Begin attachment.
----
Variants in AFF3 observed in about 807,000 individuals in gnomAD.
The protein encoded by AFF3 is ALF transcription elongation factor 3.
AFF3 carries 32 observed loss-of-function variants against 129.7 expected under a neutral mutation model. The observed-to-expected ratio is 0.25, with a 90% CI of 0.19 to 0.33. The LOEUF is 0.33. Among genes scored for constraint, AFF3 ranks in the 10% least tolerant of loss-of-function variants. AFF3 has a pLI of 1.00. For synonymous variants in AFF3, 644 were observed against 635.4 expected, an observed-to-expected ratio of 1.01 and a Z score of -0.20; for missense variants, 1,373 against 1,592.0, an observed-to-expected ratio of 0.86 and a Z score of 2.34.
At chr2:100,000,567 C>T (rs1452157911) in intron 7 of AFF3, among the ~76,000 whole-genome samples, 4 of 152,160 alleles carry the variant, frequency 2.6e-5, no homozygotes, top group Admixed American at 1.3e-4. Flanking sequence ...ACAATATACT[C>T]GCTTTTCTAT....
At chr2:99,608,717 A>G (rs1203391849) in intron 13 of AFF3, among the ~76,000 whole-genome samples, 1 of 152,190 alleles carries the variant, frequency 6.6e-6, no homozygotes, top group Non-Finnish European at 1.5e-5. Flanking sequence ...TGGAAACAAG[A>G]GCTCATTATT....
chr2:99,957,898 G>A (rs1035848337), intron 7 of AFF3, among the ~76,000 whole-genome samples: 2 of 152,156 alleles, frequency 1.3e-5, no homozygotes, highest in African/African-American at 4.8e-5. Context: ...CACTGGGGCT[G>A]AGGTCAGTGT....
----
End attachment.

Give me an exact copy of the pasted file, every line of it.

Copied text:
Variants in AFF3 observed in about 807,000 individuals in gnomAD.
The protein encoded by AFF3 is ALF transcription elongation factor 3.
AFF3 carries 32 observed loss-of-function variants against 129.7 expected under a neutral mutation model. The observed-to-expected ratio is 0.25, with a 90% CI of 0.19 to 0.33. The LOEUF is 0.33. Among genes scored for constraint, AFF3 ranks in the 10% least tolerant of loss-of-function variants. AFF3 has a pLI of 1.00. For synonymous variants in AFF3, 644 were observed against 635.4 expected, an observed-to-expected ratio of 1.01 and a Z score of -0.20; for missense variants, 1,373 against 1,592.0, an observed-to-expected ratio of 0.86 and a Z score of 2.34.
At chr2:100,000,567 C>T (rs1452157911) in intron 7 of AFF3, among the ~76,000 whole-genome samples, 4 of 152,160 alleles carry the variant, frequency 2.6e-5, no homozygotes, top group Admixed American at 1.3e-4. Flanking sequence ...ACAATATACT[C>T]GCTTTTCTAT....
At chr2:99,608,717 A>G (rs1203391849) in intron 13 of AFF3, among the ~76,000 whole-genome samples, 1 of 152,190 alleles carries the variant, frequency 6.6e-6, no homozygotes, top group Non-Finnish European at 1.5e-5. Flanking sequence ...TGGAAACAAG[A>G]GCTCATTATT....
chr2:99,957,898 G>A (rs1035848337), intron 7 of AFF3, among the ~76,000 whole-genome samples: 2 of 152,156 alleles, frequency 1.3e-5, no homozygotes, highest in African/African-American at 4.8e-5. Context: ...CACTGGGGCT[G>A]AGGTCAGTGT....